Edit : Either I am right or I just confused myself XD



Bolded: That's a pretty funny equation. (no offense ;)

Underlined: Think about this: When the big bang occured, there was not a single life-form. No decisions could be made, thus either randomness or determined patterns made materials move and finally shape planets and eventually life. If the free will is what shapes randomness (which I really, really don't believe) then you just proved that there is a god. I'd say that it's the other way around though, and that randomness/determined events is what shapes the free will.

No offense taken, it was just an opinion, I have no way of proving or disapproving what I said. Its just what I personally believe.


Well as a matter fact....I didnt think of it that way, but yes I do believe in a higher being = a.k.a. God

But seriously, I believe it goes both ways, for you to make a decision, it had to be because of a certain event, that event in itself was a result of someone or something's decision (free will decision), an earthquake for an example doesnt just happen for a particular reason, it can occur by some random chance or it can occur because of a reason such as Underwater volcanoes etc.

Everything can be explained, but only if you grasp the knowledge or the means of understanding what happened.

Even if things were pre-determined by a higher being to occur such as a Earthquake (for an example), dont you think you in the end have the say/free will to decide on what action should you do, and in that would end up as a result of whether what decision you make could either make you a survivor or a victim? (I probably worded this wrong, hope you understood what I meant XD).



    

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Kantor said:
No.

In the first scenario, it is perfectly possible that he's already decided to rob a bank. There's no reason why rewinding time should automatically change your mind so that your actions are random.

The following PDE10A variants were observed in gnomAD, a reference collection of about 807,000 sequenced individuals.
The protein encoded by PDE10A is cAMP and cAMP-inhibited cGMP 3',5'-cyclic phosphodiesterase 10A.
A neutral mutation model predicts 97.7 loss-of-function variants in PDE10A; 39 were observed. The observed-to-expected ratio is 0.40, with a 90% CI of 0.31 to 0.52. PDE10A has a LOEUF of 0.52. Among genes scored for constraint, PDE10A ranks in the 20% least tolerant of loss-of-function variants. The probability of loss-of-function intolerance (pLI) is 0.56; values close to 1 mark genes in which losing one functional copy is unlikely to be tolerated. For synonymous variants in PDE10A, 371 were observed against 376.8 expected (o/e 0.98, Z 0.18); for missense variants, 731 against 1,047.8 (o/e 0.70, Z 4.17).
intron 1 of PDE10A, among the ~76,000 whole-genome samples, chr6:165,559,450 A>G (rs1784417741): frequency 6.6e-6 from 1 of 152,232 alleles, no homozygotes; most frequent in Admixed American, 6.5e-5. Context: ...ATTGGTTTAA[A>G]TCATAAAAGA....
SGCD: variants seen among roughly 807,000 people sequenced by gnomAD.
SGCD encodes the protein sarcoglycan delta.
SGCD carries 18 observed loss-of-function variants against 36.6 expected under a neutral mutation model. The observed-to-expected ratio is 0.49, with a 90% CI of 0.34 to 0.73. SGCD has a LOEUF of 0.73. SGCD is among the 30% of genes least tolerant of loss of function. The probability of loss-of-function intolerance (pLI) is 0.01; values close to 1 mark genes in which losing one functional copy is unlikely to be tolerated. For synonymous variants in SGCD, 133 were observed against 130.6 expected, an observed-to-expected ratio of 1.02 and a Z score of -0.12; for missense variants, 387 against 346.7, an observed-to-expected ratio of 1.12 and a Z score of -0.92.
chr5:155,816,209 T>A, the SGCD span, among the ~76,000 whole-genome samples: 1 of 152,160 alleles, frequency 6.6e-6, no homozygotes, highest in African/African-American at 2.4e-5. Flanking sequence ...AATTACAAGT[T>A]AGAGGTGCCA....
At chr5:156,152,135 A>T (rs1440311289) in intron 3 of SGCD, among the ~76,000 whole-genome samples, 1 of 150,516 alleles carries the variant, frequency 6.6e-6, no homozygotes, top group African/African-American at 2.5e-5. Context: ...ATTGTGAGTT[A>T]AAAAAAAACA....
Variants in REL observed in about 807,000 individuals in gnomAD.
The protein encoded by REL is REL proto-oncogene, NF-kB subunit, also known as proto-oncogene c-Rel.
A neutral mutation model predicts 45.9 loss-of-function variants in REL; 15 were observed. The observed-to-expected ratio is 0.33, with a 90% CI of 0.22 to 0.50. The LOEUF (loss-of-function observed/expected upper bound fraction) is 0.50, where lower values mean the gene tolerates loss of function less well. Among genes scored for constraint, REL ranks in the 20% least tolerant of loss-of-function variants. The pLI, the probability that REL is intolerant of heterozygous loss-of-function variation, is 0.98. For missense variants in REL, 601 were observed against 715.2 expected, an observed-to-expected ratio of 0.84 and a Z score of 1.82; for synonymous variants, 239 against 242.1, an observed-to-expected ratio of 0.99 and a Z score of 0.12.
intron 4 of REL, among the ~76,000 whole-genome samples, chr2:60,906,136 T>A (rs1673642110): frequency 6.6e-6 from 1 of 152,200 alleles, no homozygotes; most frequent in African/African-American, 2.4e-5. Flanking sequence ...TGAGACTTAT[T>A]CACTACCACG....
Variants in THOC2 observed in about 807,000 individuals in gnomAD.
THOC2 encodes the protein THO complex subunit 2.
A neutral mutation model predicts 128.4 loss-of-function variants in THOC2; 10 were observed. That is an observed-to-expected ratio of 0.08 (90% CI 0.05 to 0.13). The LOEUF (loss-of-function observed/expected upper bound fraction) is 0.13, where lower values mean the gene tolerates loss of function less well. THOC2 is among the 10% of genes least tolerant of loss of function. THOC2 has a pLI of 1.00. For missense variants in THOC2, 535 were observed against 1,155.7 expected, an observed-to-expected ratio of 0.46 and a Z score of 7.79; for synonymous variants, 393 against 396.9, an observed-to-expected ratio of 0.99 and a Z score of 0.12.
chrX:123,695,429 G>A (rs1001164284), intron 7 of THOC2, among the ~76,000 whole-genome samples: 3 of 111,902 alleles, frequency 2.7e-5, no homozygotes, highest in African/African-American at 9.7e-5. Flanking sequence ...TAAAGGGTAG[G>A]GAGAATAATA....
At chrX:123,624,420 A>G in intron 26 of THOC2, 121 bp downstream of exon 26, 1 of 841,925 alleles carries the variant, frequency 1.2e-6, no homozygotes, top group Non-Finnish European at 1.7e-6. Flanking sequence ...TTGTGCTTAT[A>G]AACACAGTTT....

Which makes his actions determined by the past. They are not free.

The second scenario wouldn't really happen, but if it did, it would be because quantum theory made some significant change which caused him to freely change his mind.

 If his mind was changed because of randomness then it isn't free. It is random.





So if he makes a different decission it's randomness? That doesn't make sense to me, he made a different decission.

If you reverse time to just before the robbery, he'll probably (but not surely) do it again, as the circumstances will be 99.99% similar before the robbery. If you reverse time to several days before, the robbery probably won't happen. This also ties with chaos theory, a small change has huge effects on the long term.

That doesn't mean it's randomness though. There is a complex system behind it, humans are making decissions all the time and those decissions affect the system, which affect other decissions. Of course those decissions are going to be influenced by society, one's upbringing, etc., but all those factors are also made by human decissions.



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You're taking a very strict view of the meaning of free here. It's all about what free means.



free will must exist on some level because it depends on someone else for example the man he robbed had many choices he could stop the robber or shake his hand and that ultimately changes fate, or even you trip on the curb and think "what am I doing" then decided not to rob the house. we are bound by threads and every action we take changes the world in some way.



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pezus said:
You're taking a very strict view of the meaning of free here. It's all about what free means.


Is that a response to me o.O?

I should of chose "I'm confused" on the poll but I misclicked ;p



    

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BasilZero said:
pezus said:
You're taking a very strict view of the meaning of free here. It's all about what free means.


Is that a response to me o.O?

I should of chose "I'm confused" on the poll but I misclicked ;p

Nope, to OP